Pressure gradient driving CBF and metabolite /oxygen delivery
Cerebral Perfusion Pressure in TBI
Prospective studies have shown 50% increase in survival
50% increase in “good” outcome
No increase in ICP or adverse clinical outcomes by actively maintaining CPP
Marion et al, J Neurosurg 75:354-362 (1993)
Marshall et al, J Neurosurg 75:S28-S36 (1991)
Cerebral Perfusion Pressure in TBI
Retrospective studies have shown that there is 20% increased mortality for each incremental decrease of 10 mmHg
For CPP < 60 mmHg greater than 33% of the time, 100% mortalityChangaris et al, J Trauma 27:1007-1013 (1987)
Clinical Approach to CPP
Goal > 70 mmHg
Normalize intravascular volume
+/- hypertonic saline
Pharmacologically induce systemic hypertension
ICP monitor, arterial line, +/- PA catheter
Hyperventilation Paradox in TBI
Aggressive hyperventilation (PaCO2<25 mmHg) can cause a rapid reduction in ICP
a therapeutic goal
HV can increase jugular venous desats
assoc with poor outcome
HV can incr AVdo2 and decrease CBF
potentially exacerbating ischemia
Hyperventilation Use in TBI
For acute ICP management, begin with a PaCO2 goal of 30-35 mmHg
For recalcitrant ICP, advance PaCO2 goal to 25-30 mmHg
consider use of a jugular bulb catheter
Taper HV as soon as possible
Chronic HV should be avoided, particularly in the first 24 Hrs
Mannitol Use in TBI
Dose: 0.25 - 1 gm/kg, i.v. bolus
Use bolus dosing
Maintain intravascular volume
Maintain serum Osm < 320 mOsm/L, particularly if renal failure is possible
Mannitol Mechanisms of Action in TBIRheologic
Plasma expansion
producing gradient
Mannitol Plasma Expansion Effect
Almost immediate onset of action
clinical effect within minutes
Optimal rheologic effects
reduces HCT which reduces viscosity
increase CBF which increase O2 delivery
Best accomplished with bolus dosing
Barry et al, NEJM 264:1085-1088 (1961)
Mendelow et al, J Neurosurg 63:43-48 (1985)
Mannitol Positive Osmotic Effect
Delayed onset but persistent effect
onset 15-30 min & persists approx 6 hours
Establishes osmotic gradient between plasma and cells
May reduce edema
Cruz et al, J Neurosurg 73:725-730 (1990)
McGraw& Howard, Neurosurg 13:269-271 (1983)
Nath & Galbraith, J Neurosurg 65:41-43 (1986)
Mannitol Negative Osmotic EffectOpens BBB and can sequester in brain
can lead to exacerbation of ICP & edema
Risk of ATN (esp if serum osm > 320)
Potential cardiovascular compromise
rare in actual clinical practice
Cruz et al, J Neurosurg 73:725-730 (1990)
McGraw& Howard, Neurosurg 13:269-271 (1983)
Mannitol Effectiveness in TBI
Superior to barbiturate for control of ICP and CPP
Significantly better survival
Reduction of edema after low dosesSchwartz et al, Can J Neurol Sci 11:434-440 (1984)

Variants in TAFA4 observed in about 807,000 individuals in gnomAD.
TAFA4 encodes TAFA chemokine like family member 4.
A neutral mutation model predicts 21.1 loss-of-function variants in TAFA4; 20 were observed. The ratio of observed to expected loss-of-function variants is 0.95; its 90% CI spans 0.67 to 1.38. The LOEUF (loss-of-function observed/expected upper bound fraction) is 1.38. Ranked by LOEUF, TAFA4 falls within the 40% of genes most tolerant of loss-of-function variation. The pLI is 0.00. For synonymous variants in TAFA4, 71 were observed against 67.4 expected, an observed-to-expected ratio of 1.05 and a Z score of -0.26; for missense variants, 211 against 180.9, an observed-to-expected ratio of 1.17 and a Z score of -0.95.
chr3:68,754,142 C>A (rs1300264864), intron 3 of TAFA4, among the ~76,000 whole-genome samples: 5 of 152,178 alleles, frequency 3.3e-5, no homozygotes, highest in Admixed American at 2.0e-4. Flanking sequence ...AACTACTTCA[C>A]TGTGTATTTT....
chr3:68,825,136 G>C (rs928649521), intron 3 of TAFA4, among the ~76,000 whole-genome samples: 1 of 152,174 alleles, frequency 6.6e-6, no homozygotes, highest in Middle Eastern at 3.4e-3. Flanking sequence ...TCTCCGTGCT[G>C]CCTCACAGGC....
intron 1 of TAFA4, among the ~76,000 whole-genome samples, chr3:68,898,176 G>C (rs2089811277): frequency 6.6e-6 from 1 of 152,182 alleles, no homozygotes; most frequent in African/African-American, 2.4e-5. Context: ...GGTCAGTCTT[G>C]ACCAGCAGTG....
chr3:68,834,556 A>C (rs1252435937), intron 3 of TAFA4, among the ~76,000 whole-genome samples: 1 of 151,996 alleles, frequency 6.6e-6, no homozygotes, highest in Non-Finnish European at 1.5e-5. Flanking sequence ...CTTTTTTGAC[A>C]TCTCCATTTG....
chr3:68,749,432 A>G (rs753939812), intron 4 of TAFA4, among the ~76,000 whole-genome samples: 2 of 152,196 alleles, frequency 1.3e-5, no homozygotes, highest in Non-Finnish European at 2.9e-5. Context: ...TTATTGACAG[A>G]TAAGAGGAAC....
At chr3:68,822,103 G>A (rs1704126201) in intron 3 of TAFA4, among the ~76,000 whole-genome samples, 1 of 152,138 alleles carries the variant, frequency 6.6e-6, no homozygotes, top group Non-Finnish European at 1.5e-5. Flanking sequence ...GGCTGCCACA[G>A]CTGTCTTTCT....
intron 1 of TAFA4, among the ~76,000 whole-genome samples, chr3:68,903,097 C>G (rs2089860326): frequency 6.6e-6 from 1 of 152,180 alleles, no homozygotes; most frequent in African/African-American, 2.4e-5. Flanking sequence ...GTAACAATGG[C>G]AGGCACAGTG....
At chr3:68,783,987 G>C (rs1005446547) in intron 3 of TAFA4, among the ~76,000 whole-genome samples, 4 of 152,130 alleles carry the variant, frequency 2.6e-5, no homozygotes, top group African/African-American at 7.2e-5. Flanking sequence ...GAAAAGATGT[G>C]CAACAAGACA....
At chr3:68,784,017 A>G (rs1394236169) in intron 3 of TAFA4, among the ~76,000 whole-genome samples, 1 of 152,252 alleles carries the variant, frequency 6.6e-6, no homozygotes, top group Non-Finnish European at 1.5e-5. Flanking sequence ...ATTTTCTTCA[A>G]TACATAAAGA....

Nath & Galbraith, J Neurosurg 65:41-43 (1986)
Barbiturate Coma TBI
Barbiturate coma may be considered for pts in whom intracranial hypertension remains refractory to maximal medical and neurosurgical interventions
Basic Premise
absolute ICP control improves outcome
Barbiturate Mechanism of Action
Suppress cerebral metabolism
Reduce cerebral blood flow and thus cerebral blood volume
Alter vascular tone
Inhibit free radical mediated lipid perioxidation
Results in reduced ICP and optimized perfusion
Pentobarbital Dosing
Loading Dose
10 mg/kg i.v. over 30 minutes
5 mg/kg i.v. every hour X 3 doses
Maintenance Dose
1 mg/kg/hr, i.v. infusion
Pentobarbital Dosing Goals
Therapeutic levels: 3-4 mg%
poor correlation with therapeutic benefit
EEG burst suppression
most reliable form of monitoring
maximal reduction of cerebral metabolism and CBF
ICP < 20 mmHg
Eisenberg et al, J Neurosurg 69:15-23 (1988)
Pentobarbital Therapy in TBI
Improved survival when used to treat recalcitrant intracranial hypertension in hemodynamically salvageable severe TBI pts.
Patient selection is crucial
pts who failed other ICP therapy
pts with adequate cardiovasc fxn
pts w/ intact autoregulation
pts without diffuse injury
Pentobarbital Ineffective Conditions
Pts with impaired cerebral vasoreactivity/autoregulation
Pts with diffuse injury
Pts with pre-existing hypotension
As prophylactic tx of ICP
Nordstrom et al, J Neurosurg 68:424-431
Lobato et al, J Neurosurg 68:417-423
Malignant ICP
Up to 15% of TBI pts will not respond to either maximal medical or neurosurgical intervention.
Mortality in these pts approaches 100%Miller et al, J Neurosurg 54:289-299 (1981)
Narayan et al, J Neurosurg 56:650-659 (1982)
Hypertonic Saline
0.9% to 3% to 27% NaCl solutions
Shown to be effective in neurotrauma by shrinking brain and thus reduce ICP
can do so and maintain intravascular volume
Goal is to increase osmolarity not dehydrate
May not be effective in stroke
Qureshi and Suarez, Crit Care Med 28: 3301 (2000)
Bhardwaj et al, Stroke 31: 1694 (2000)
Munar et al, J Neurotrauma 17: 41 (2000)
Hypertonic Saline Clinical Approach
Establish central venous access
Initiate therapy with 3% saline at 75 cc/hr (or higher if requiring fluid resuscitation)
use 50% chloride/50% acetate to minimize risk of hyperchloremia